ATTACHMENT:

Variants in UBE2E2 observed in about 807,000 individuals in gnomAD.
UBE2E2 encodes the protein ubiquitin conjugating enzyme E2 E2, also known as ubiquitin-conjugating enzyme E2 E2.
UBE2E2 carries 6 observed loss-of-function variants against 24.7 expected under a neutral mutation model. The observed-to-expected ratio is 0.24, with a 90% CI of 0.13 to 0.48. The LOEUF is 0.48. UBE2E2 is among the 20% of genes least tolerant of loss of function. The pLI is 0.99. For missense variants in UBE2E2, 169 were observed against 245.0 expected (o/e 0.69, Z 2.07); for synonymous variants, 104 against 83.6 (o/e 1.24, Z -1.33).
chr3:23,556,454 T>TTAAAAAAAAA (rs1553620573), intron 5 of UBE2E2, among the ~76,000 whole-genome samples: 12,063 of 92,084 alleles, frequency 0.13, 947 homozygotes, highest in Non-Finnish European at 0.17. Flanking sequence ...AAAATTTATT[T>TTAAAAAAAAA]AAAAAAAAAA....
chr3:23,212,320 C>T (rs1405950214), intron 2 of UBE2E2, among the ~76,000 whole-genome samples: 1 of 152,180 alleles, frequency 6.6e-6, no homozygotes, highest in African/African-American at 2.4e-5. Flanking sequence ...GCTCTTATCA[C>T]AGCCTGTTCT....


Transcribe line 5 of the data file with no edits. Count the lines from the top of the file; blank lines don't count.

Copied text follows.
chr3:23,212,320 C>T (rs1405950214), intron 2 of UBE2E2, among the ~76,000 whole-genome samples: 1 of 152,180 alleles, frequency 6.6e-6, no homozygotes, highest in African/African-American at 2.4e-5. Flanking sequence ...GCTCTTATCA[C>T]AGCCTGTTCT....